3 Recommended but not required Hacker, D. and Sommers, N. (2012). A Pocket Style Manual, APA Version (6 th edition). Bedford/St. Martins Press. Oliver, P. (2012). Succeeding with Your Literature Review: A Handbook for Students. Open University Press. Students are responsible for downloading journal articles that are available electronically through the library. Additional readings will be made available through the course web page on Blackboard, which can be accessed at https://blackboard.albany.edu/. Use the same login and password as that required for MyUAlbany. Students are also strongly encouraged to join an academic professional organization that fits well with your academic interests. Most memberships with academic professional organizations come along with access to the organization s key academic journal. These organizations have discounted student membership rates, and member discounts for conferences. You should review abstracts in your key journals on a regular basis. Key organizations include, but are not limited to: Public Management Research Association/Journal of Public Administration Research and Theory Association of Public Policy and Management/Journal of Public Policy and Management American Society of Public Administration/Public Administration Review (Note that ASPA has a number of sections specific to different subfields, many of which publish their own journals) American Political Science Association/American Political Science Review (Note that APSA has a number of sections specific to different subfields, many of which publish their own journals) Communication Communication outside of scheduled class meetings and office hours will occur primarily over . Students are expected to check their every day. The best way to contact me outside of class is by . Meetings outside of class and office hours should be scheduled by appointment. All class-related activities, including class and group discussions, s and assignments should be conducted in business standard English. 3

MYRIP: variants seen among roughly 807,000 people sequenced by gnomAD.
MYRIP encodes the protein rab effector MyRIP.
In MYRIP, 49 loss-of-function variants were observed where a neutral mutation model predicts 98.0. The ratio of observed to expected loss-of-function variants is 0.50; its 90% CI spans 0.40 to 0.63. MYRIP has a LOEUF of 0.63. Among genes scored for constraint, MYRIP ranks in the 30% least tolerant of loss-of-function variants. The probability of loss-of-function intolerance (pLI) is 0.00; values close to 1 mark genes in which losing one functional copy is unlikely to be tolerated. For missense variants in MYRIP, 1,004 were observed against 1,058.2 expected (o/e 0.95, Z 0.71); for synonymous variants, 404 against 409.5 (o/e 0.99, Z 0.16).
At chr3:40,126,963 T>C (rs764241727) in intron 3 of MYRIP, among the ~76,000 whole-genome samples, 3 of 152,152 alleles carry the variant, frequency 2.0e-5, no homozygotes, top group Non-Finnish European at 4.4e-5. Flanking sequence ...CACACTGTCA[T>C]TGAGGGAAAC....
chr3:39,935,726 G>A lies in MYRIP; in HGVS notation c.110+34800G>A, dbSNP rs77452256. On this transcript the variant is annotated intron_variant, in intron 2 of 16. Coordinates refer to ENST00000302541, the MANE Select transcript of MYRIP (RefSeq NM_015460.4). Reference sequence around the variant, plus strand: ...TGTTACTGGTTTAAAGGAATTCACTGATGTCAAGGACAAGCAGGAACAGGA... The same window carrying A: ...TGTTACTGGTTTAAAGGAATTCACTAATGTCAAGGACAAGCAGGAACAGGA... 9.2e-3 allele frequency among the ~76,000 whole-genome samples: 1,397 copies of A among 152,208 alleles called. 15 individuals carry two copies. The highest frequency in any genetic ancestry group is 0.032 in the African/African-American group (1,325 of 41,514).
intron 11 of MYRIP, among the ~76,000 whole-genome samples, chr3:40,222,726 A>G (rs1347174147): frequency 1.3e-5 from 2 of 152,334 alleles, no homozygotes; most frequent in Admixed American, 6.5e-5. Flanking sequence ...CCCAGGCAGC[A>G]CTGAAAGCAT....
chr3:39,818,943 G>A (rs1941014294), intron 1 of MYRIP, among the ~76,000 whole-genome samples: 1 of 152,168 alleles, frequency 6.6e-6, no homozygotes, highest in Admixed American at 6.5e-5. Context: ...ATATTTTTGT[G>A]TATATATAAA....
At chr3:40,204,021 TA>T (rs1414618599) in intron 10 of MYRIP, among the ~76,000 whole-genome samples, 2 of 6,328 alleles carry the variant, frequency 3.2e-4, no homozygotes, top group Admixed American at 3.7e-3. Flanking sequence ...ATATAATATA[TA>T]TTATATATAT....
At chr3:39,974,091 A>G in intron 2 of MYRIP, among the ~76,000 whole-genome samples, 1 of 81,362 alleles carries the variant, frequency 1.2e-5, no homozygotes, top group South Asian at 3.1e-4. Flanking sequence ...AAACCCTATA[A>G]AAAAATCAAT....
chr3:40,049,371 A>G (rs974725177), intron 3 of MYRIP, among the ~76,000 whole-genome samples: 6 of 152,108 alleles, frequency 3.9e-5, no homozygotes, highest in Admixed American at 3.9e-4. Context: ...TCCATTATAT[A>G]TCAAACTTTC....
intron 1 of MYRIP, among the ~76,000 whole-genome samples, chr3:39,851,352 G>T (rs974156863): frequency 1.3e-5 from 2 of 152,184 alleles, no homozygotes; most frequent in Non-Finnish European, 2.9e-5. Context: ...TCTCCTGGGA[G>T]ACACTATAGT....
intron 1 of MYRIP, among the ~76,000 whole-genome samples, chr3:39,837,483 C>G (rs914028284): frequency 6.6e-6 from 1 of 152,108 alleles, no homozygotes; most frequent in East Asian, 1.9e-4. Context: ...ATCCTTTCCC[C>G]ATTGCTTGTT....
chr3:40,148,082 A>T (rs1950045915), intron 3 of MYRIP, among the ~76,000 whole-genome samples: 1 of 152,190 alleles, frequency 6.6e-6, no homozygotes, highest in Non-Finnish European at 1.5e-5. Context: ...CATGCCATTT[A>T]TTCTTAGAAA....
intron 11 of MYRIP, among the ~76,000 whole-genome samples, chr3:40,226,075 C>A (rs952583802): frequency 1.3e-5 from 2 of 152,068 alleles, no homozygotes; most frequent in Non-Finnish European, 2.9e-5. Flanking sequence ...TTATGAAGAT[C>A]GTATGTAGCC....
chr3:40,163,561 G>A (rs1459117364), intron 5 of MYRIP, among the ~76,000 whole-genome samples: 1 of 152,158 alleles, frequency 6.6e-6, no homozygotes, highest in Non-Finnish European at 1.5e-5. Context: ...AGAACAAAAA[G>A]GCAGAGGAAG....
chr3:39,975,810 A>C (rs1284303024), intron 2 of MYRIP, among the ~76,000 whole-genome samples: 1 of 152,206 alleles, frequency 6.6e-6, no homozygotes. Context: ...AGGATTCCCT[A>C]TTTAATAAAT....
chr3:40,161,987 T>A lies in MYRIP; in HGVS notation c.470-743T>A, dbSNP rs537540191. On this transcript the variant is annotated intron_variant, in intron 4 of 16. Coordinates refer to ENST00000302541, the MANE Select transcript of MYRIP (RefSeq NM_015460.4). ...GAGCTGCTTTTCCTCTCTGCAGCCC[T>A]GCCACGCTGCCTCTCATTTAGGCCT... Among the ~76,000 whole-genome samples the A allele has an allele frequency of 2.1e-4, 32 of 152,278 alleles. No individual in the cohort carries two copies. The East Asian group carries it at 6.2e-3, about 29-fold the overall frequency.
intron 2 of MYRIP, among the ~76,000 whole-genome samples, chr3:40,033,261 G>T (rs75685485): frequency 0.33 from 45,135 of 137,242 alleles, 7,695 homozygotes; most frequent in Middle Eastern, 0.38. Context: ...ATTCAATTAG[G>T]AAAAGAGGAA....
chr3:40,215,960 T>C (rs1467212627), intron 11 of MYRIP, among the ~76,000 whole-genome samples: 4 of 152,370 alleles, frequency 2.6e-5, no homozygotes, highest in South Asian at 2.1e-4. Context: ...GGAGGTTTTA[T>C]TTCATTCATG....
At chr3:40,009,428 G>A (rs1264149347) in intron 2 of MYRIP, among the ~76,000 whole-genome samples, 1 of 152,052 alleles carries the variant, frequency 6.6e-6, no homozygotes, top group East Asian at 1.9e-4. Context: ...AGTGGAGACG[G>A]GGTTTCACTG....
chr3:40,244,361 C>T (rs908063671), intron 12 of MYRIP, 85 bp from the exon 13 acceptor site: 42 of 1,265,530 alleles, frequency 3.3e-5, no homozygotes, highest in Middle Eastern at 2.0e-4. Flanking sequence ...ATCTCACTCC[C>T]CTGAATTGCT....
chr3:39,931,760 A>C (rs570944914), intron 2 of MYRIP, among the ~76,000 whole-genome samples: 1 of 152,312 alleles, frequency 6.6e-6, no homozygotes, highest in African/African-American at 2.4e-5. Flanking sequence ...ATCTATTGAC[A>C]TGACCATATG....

4 Grading Student performance in the course will be determined by four components: Two essays, 60% (see appendix I), Book review and presentation, 15% (see appendix II) Weekly commentaries, 15% (see appendix III), and Participation, 10% (see appendix IV). Attendance. Attendance is required and necessary for your success in the course. Any student with 3 unexcused absences will lose 5% from their final grade. A student with more than 3 unexcused absences will have a notation placed on the transcript indicating you stopped attending class. The instructor reserves the right to drop you from the class if you have more than three absences. Absences will only be excused under certain circumstances, such as an unplanned health emergency, in case of religious observance, or for an authorized intercollegiate event. Documentation is required to have an absence excused. Grading Scale. A: 93 percent and above C: percent A-: 90 to 92 percent C-: percent B+: percent D+: percent B: percent D: percent B-: percent D-: percent C+: percent E: below 60 percent Grade Appeals. Students may appeal a grade on a specific assignment within two weeks of the assignment being returned. To submit an appeal, the student should return the original graded assignment and a letter/memo outlining why you think the grade should be changed. Appeals must be submitted on paper, typed-written. In the appeal, students must identify 1) the specific issue you believe should be reconsidered and 2) evidence from assignment instructions, assigned readings, lectures, or other materials that would indicate your original submission is worthy of a higher grade. Be aware that your grade may go up, down, or remain the same as a result of your appeal. Academic Honesty. Academic honesty is something your professor takes very seriously. Cheating in any form will not be tolerated. Students are required to be familiar with the university s academic honesty policies; ignorance is not an excuse for dishonest behavior. In all cases of cheating, a Violation of Academic Integrity Report will be submitted to the Dean of Graduate Studies to be placed in your university file, with copies provided to you, the department head, and the Dean of Rockefeller College. Additional penalties may include some combination of the following: revision and re-submission of the assignment, reduction of the grade or failure of the assignment, reduction of the course grade or failure of the course, filing of a case with the Office of Conflict Resolution and Civic Responsibility, suspension, or expulsion. 4